Columbus is host to the oldest theater in the State of Indiana, the Crump Theatre, which was built in 1889 by John Crump. Today the building is an historical landmark and an all-ages venue with occasional musical performances. Columbus also is host to the former oldest continually operated bookstore in Indiana: Cummins Bookstore. The bookstore first began operations in 1892 and closed in late 2007.

The Irwin Union Bank building was built in 1954. It was designated a National Historic Landmark by the National Park Service in 2001 in recognition of its unique architecture. The building consists of a one-story bank structure adjacent to a three-story office annex. A portion of the office annex was built along with the banking hall in 1954. The remaining larger portion, designed by Kevin Roche John Dinkeloo and Associates, was built in 1973. Eero Saarinen designed the bank building with its glazed hall to be set off against the blank background of its three-story brick annex. Two steel and glass vestibule connectors lead from the north side of this structure to the annex. The building was designed to distance the Irwin Union Bank from traditional banking architecture, which mostly echoed imposing, neoclassical style buildings of brick or stone. Tellers were behind iron bars and removed from their customers. Saarinen worked to develop a building that would welcome customers rather than intimidate them.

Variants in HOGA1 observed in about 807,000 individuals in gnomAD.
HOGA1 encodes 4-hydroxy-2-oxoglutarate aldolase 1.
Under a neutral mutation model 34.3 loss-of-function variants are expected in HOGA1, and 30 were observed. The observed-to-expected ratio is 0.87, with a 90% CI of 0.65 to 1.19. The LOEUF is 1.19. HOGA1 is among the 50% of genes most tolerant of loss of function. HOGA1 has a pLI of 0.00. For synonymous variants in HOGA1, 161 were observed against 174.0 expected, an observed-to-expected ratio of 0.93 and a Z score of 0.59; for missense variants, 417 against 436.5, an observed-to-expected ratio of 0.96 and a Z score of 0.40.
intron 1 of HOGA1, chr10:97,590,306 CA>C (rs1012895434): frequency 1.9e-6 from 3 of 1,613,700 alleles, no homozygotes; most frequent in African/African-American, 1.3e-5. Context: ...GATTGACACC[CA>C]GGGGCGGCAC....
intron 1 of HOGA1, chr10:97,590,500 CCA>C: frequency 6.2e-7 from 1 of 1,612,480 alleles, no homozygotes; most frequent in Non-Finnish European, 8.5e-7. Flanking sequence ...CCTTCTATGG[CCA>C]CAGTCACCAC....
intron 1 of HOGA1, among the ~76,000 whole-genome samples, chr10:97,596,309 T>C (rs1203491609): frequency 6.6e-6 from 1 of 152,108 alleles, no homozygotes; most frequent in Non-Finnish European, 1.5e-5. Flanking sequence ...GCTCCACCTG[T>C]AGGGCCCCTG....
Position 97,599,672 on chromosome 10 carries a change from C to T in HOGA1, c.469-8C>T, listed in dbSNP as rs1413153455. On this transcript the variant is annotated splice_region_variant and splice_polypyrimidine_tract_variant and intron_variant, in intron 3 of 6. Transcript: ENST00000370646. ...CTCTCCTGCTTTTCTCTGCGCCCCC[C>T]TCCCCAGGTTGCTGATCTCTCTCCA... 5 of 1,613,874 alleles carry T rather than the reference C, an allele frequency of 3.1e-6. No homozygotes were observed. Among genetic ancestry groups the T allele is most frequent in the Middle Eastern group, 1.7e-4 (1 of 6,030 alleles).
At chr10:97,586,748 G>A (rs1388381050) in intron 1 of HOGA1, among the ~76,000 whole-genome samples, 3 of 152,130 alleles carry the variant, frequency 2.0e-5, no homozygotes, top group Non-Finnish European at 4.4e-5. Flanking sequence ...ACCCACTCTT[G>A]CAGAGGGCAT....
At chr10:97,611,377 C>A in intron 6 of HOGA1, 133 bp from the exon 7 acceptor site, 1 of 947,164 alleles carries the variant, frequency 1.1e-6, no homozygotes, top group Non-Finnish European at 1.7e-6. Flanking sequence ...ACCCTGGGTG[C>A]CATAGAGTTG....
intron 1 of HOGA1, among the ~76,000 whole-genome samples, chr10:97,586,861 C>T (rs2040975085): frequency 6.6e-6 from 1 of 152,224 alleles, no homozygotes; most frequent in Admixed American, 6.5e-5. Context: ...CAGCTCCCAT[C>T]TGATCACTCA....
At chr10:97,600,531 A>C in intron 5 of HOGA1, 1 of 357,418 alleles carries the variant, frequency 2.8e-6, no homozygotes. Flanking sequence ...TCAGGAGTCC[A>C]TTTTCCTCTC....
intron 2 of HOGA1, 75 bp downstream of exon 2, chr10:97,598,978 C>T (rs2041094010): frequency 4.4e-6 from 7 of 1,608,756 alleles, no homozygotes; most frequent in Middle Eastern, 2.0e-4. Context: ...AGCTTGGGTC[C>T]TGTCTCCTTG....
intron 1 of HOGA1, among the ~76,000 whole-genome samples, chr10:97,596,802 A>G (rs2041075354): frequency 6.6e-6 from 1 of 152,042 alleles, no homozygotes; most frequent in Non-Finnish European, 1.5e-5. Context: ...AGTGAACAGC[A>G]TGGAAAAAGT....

Columbus has been home to many manufacturing companies, including Noblitt-Sparks Industries (which built radios under the Arvin brand in the 1930s) and Arvin Industries, now Meritor, Inc. After merging with Meritor Automotive on July 10, 2000, the headquarters of the newly created ArvinMeritor Industries was established in Troy, Michigan, the home of parent company, Rockwell International. It was announced in February 2011 that the company name would revert to Meritor, Inc. Cummins, Inc. is by far the region's largest employer, and the Infotech Park accounts for a sizable number of research jobs in Columbus proper. Just south of Columbus are the North American headquarters of Toyota Industries, the world's largest material handling (forklift) manufacturer. Other notable industries include architecture, a discipline for which Columbus is famous worldwide. The late J. Irwin Miller (then president and chairman of Cummins Engine Company) launched the Cummins Foundation, a charitable program that helps subsidize a large number of architectural projects throughout the city by up-and-coming engineers and architects.

Early in the 20th century, Columbus also was home to a number of pioneering car manufacturers, including Reeves, which produced the unusual four-axle Octoauto and the twin rear axle Sextoauto, both around 1911.

Because Columbus is far enough from Indianapolis, it benefits tremendously from nearby commuters who recognize Columbus as a major city in its own right. Nearly 19,000 workers commute into the city from the surrounding townships and villages. In recent years city officials have explored ways to revitalize the city and return Columbus to the days when Miller's architectural innovation made it one of the most envied cities in the US. Economic development, widespread beautification innovations, various tax incentives, and increased law enforcement have helped Columbus overcome what some considered a slump during the 1980s and 1990s.